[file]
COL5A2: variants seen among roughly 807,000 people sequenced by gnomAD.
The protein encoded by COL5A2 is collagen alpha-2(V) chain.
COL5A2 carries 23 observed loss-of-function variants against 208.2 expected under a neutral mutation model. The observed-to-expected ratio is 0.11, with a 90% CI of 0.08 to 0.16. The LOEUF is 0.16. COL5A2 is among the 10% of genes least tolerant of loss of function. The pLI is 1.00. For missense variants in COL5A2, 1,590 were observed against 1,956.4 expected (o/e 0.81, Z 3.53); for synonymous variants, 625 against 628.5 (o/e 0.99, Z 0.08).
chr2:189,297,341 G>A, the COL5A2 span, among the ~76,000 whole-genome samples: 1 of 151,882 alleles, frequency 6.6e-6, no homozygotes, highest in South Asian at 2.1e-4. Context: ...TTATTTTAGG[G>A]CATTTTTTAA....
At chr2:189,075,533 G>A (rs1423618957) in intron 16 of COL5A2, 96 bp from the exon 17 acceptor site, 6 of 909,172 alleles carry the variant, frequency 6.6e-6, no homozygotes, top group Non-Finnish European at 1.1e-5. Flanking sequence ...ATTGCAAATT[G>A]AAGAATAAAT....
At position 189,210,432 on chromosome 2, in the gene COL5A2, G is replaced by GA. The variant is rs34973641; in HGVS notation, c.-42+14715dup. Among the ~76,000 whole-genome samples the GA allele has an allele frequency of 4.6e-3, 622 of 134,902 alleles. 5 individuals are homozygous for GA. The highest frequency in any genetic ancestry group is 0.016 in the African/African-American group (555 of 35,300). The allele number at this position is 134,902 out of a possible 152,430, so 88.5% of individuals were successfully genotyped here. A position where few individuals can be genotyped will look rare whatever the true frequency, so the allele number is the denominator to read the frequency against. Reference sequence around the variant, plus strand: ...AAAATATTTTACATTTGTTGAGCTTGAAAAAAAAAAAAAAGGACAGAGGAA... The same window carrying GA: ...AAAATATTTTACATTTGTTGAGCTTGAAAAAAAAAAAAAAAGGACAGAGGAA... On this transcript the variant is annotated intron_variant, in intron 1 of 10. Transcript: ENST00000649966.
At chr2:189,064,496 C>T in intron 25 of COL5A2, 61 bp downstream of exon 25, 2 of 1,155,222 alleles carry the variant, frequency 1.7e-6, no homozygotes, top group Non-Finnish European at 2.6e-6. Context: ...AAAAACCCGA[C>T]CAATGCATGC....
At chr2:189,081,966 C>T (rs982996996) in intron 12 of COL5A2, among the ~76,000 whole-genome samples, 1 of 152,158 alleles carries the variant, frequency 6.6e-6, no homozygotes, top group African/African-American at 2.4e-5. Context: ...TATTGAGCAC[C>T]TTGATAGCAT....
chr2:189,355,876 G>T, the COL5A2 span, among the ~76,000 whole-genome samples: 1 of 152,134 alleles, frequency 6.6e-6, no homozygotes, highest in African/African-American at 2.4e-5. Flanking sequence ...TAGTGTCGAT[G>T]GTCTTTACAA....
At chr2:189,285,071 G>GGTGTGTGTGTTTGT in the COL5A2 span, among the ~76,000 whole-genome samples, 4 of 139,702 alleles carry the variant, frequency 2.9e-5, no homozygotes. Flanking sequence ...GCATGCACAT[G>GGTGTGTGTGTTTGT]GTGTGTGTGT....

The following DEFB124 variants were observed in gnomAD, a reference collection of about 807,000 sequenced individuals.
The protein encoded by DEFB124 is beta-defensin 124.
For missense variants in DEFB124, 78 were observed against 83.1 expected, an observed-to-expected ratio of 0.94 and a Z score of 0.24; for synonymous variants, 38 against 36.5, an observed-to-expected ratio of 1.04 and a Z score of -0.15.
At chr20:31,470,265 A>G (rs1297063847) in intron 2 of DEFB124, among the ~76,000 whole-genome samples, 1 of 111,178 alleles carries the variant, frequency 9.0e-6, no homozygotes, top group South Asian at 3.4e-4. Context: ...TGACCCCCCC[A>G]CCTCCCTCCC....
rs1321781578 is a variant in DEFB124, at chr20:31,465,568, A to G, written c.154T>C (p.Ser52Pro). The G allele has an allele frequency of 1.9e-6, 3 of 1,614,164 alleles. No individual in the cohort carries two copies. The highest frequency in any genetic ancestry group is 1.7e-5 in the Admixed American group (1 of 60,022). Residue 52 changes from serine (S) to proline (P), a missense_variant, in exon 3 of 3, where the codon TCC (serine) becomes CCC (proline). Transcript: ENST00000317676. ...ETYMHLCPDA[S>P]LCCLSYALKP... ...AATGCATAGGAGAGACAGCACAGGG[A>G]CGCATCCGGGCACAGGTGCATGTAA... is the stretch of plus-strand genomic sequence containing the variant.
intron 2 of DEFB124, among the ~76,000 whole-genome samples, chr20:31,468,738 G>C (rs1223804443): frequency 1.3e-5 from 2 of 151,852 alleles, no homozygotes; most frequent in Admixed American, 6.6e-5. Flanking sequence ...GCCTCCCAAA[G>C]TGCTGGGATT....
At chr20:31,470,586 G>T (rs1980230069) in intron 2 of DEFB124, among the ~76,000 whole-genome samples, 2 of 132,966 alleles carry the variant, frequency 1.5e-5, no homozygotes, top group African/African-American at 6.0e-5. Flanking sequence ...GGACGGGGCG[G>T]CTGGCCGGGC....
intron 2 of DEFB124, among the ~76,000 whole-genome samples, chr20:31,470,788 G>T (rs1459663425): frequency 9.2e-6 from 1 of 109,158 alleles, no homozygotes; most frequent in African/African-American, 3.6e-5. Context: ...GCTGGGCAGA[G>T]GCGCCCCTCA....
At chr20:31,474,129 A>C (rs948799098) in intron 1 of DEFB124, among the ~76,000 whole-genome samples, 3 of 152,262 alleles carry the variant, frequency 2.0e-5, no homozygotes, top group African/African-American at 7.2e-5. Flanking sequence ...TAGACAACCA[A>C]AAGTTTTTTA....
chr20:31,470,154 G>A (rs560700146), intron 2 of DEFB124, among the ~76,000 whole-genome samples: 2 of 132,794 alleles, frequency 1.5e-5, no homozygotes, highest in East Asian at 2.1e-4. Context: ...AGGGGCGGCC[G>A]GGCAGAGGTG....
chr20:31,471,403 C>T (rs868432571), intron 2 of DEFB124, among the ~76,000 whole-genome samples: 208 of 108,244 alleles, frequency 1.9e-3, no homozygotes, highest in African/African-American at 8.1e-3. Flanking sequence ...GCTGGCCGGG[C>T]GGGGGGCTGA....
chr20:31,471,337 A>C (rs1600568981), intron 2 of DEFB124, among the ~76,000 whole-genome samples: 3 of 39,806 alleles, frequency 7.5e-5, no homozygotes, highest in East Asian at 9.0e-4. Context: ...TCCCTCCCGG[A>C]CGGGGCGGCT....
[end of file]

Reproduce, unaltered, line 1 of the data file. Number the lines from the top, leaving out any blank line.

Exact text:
COL5A2: variants seen among roughly 807,000 people sequenced by gnomAD.